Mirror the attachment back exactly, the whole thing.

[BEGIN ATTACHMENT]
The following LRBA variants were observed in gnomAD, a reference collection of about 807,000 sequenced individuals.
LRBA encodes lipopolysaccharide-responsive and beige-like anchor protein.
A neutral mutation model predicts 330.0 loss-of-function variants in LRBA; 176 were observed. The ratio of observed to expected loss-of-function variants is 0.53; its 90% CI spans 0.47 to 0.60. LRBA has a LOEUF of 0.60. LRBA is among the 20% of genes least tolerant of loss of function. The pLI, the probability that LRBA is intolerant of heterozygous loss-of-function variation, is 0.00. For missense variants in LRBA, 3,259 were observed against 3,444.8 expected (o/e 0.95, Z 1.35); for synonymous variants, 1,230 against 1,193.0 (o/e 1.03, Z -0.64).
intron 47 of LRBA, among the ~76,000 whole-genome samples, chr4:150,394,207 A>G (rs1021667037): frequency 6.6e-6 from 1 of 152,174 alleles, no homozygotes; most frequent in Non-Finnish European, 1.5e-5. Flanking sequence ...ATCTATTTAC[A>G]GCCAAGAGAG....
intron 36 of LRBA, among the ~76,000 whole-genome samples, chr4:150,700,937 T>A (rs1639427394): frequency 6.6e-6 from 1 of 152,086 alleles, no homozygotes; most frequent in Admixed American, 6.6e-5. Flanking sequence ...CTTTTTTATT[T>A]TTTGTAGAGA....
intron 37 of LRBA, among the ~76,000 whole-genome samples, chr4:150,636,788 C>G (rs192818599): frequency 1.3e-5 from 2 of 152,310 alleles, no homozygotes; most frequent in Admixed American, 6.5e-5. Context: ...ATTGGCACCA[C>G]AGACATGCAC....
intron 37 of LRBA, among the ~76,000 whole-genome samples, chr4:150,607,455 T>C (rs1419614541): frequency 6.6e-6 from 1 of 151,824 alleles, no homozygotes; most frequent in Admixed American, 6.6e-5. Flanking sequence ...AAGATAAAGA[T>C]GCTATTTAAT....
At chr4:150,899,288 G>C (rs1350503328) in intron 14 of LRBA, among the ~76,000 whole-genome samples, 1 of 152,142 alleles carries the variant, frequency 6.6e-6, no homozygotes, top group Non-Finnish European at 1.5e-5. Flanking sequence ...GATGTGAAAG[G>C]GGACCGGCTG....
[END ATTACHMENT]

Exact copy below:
The following LRBA variants were observed in gnomAD, a reference collection of about 807,000 sequenced individuals.
LRBA encodes lipopolysaccharide-responsive and beige-like anchor protein.
A neutral mutation model predicts 330.0 loss-of-function variants in LRBA; 176 were observed. The ratio of observed to expected loss-of-function variants is 0.53; its 90% CI spans 0.47 to 0.60. LRBA has a LOEUF of 0.60. LRBA is among the 20% of genes least tolerant of loss of function. The pLI, the probability that LRBA is intolerant of heterozygous loss-of-function variation, is 0.00. For missense variants in LRBA, 3,259 were observed against 3,444.8 expected (o/e 0.95, Z 1.35); for synonymous variants, 1,230 against 1,193.0 (o/e 1.03, Z -0.64).
intron 47 of LRBA, among the ~76,000 whole-genome samples, chr4:150,394,207 A>G (rs1021667037): frequency 6.6e-6 from 1 of 152,174 alleles, no homozygotes; most frequent in Non-Finnish European, 1.5e-5. Flanking sequence ...ATCTATTTAC[A>G]GCCAAGAGAG....
intron 36 of LRBA, among the ~76,000 whole-genome samples, chr4:150,700,937 T>A (rs1639427394): frequency 6.6e-6 from 1 of 152,086 alleles, no homozygotes; most frequent in Admixed American, 6.6e-5. Flanking sequence ...CTTTTTTATT[T>A]TTTGTAGAGA....
intron 37 of LRBA, among the ~76,000 whole-genome samples, chr4:150,636,788 C>G (rs192818599): frequency 1.3e-5 from 2 of 152,310 alleles, no homozygotes; most frequent in Admixed American, 6.5e-5. Context: ...ATTGGCACCA[C>G]AGACATGCAC....
intron 37 of LRBA, among the ~76,000 whole-genome samples, chr4:150,607,455 T>C (rs1419614541): frequency 6.6e-6 from 1 of 151,824 alleles, no homozygotes; most frequent in Admixed American, 6.6e-5. Flanking sequence ...AAGATAAAGA[T>C]GCTATTTAAT....
At chr4:150,899,288 G>C (rs1350503328) in intron 14 of LRBA, among the ~76,000 whole-genome samples, 1 of 152,142 alleles carries the variant, frequency 6.6e-6, no homozygotes, top group Non-Finnish European at 1.5e-5. Flanking sequence ...GATGTGAAAG[G>C]GGACCGGCTG....